Monday, December 26, 2011

updated twice

Clark Glymour at Choice and Inference [
I am sometimes credited with the remark, due to Nelson Goodman, that “there are two kinds of people in the world: the logical positivists and the god-damned English professors.” While it’s a cute summary, I don’t agree. Departments of English provide sinecures for good authors who lack a mass audience and would otherwise go hungry or not write; they contain people who know a lot about the history of literature, and someone ought to know that. Similar plaudits apply to some faculty in history and in modern languages. Humanities departments also house faculty whose principal work is a great deal of foolishness, garbed in neolexia, who spread it to undergraduates. Nothing would be lost and something would be gained if these people were pruned from universities and offered work with brooms.
Two comments. The first was accepted after a period in moderation, then removed, then returned. The second was accepted (again, after first showing up on my screen as "awaiting moderation") then removed. It was badly written so I rewrote it and resubmitted it. It hasn't appeared.
Glymour first conflates philosophers of a certain type with literature professors and then literature professors with writers. He attacks the moral cowardice of those associated with literary philosophical academy, but few writers are academic. Proust was not a college professor; neither were Faulkner, Hemingway, Orwell or Beckett. It should concern all academics perhaps that so few linger to describe the aftermath of war, and if I'm going to choose among analogists of science I'll choose Primo Levi over Carnap. In formal logic out of M.C. Escher Glymour manages to attack the foundations of feminism and then accuse feminists of having no concern for rape victims. There's nothing else to say to that. It's too confused even to be offensive.

To stay within his limits: who's more responsible for the machineries of mass destruction in the 20th century, literary philosophers or Glymour's preferred, physicists and engineers? Levi after all isn't famous for his day job, except for how it served him as a writer. And if you like NASA, you can thank Werner von Braun. Ford invented Fordism; Gramsci only bought in.

The strength and weakness of science is in its amorality. The urge to unify science and morals is one of the moral disasters of the age. It calls us back to the 12th century, to pre-Renaissance anti-humanism. It would help us greatly if logicians stopped calling themselves philosophers. Democracy is a formal process but relativist as to truth. There are all sorts of philosophical and moral reasons for government to be designed this way, but logicians have never been happy about it. They should be honest enough with themselves and the rest of us to admit that it's democracy that bothers them.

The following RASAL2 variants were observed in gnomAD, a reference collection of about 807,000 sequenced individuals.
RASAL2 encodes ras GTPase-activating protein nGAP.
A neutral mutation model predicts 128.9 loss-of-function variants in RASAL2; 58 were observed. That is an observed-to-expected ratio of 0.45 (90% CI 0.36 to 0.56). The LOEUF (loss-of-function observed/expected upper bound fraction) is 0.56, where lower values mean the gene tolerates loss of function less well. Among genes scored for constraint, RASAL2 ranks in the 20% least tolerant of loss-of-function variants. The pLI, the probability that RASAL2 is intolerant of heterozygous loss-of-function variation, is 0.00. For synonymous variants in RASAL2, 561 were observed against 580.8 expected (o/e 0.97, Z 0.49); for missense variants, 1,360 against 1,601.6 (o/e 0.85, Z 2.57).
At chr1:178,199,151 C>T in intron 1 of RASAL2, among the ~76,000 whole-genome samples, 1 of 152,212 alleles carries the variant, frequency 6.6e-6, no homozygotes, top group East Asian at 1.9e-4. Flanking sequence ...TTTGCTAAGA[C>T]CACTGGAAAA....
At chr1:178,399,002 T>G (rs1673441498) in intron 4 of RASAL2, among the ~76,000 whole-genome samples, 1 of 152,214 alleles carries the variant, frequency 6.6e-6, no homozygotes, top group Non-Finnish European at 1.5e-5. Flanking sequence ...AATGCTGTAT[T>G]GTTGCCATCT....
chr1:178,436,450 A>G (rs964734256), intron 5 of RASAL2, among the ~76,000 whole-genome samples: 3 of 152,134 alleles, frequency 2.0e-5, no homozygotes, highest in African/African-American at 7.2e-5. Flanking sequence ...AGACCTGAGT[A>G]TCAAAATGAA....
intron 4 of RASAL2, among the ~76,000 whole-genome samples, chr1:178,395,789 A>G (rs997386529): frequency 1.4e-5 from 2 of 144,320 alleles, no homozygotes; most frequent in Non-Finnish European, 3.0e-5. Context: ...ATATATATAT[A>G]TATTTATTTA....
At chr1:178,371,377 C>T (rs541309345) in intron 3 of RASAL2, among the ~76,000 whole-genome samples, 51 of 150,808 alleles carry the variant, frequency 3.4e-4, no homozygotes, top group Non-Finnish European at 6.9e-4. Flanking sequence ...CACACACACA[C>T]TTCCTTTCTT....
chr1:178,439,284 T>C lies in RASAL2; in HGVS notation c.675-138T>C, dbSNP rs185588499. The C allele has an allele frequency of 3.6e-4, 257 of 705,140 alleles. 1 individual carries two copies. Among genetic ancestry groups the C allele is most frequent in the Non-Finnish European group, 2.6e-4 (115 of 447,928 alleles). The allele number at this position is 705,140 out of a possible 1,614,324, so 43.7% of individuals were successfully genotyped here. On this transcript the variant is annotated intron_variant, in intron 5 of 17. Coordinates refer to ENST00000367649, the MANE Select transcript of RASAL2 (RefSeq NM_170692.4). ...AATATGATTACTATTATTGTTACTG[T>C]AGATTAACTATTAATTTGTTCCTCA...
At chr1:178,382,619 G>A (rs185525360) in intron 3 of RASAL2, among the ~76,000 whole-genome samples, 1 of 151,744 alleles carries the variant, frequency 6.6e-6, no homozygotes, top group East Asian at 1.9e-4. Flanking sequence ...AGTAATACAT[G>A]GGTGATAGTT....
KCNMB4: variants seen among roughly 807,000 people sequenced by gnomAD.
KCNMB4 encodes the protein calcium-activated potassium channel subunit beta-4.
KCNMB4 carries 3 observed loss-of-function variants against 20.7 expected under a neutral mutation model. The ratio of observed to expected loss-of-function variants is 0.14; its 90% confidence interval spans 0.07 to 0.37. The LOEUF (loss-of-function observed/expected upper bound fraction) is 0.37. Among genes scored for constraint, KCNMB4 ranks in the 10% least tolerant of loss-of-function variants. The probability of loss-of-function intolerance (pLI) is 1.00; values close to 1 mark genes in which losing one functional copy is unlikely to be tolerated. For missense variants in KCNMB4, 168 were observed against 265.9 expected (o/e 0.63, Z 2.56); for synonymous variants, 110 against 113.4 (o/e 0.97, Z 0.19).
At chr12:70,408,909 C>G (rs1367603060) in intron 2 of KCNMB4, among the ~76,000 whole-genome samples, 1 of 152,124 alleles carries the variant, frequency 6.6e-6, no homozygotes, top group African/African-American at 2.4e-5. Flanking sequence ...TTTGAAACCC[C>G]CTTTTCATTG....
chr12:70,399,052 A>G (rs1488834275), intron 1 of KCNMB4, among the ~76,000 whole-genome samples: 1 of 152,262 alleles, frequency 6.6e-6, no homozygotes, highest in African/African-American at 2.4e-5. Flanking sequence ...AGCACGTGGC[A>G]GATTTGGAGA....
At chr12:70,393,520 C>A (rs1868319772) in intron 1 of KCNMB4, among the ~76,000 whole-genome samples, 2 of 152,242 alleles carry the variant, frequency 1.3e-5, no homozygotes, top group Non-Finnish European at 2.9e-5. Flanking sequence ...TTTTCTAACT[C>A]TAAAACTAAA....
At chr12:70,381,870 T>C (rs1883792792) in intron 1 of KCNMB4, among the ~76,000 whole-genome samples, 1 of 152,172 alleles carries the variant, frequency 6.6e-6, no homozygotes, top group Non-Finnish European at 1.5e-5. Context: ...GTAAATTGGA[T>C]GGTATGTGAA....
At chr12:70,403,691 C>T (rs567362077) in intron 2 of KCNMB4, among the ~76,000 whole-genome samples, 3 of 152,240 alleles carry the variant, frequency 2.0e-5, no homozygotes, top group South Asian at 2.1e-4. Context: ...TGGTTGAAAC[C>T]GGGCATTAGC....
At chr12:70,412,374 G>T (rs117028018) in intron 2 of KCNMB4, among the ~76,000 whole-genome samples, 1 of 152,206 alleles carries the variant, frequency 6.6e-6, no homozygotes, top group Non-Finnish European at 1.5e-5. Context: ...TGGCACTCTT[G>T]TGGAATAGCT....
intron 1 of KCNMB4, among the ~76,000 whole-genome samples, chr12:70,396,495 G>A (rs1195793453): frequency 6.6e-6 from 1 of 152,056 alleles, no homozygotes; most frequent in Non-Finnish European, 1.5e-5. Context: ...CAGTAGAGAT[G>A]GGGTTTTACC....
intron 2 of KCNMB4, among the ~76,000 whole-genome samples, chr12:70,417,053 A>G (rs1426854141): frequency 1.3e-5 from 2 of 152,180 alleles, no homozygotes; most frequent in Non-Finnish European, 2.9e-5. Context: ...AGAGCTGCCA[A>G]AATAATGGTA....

Mathematics, computer science and logic are not philosophy, because engineering is not architecture.

Engineering is not architecture. Try disagreeing and arguing the point. See where it gets you.
The second comment was posted in response to another, [] on philosophy as offering advances in scientific methodology.
I should have added this below, or at least been more explicit, but it fits here. Aside from the moral failures of formalism in use (failures under a socially defined sense of morality that most of us accept) there are strictly intellectual ones. There’s no need to read specialist publications to witness the spectacular failure of mathematical modeling in economics, any newspaper will do. See also my reference to feminism, feminism as exemplary of knowledge resulting from experience, specifically the experience of a subset, albeit about half, of the total population. Abstractions begin as generalizations. Mathematical models are beautiful structures of assumption.

Questions of formalism qua epistemology are double: regarding whether a given model succeeds in doing what’s claimed for it, and regarding appropriate use. Both questions engage philosophy and neither are formal.
update—I really have to be careful reading this stuff. Previously I'd quoted an opinion as Glymour's when it's one he claims to oppose. My confusion arose from the fact that they're not that different.

The range of Alex Rosenberg's arguments could be combined and simplified to say, "physicalism and determinism for thee, dualism and free will for me". The Churchlands are like Puritan believers in predestination who nonetheless dress simply and with the utmost [predetermined?] false modesty to demonstrate that they're among the elect. Glymour's, "When is a Brain Like a Planet?" ( JSTOR), concerns questions of when our gods or godlike properties appear, not whether they do. The last sentence reads: "When it thinks, the brain is like a planet." I have to admit I'm not sure where to place it on this scale. [Gaia? Depak Chopra is impressed.

Android epistemology. Sad.
Again and again and again: Consciousness is not the product of unified complexity. It's the manifestation of a divide, between physical processes of calculation and conditioned response.

If you want an intelligent android, build a confused android.

2017: Deepak Chopra is a fan

2018: Glymour interviewed 
3:AM:When asking the question about whether there can be mental causes, why did you ask ‘Why is a brain like the planet?’ and what’s the answer to both?

CG:Damned if I remember.

 Link from Leiter. I made a screen-grab of the quote and probably put it on twitter. It belongs on the list.

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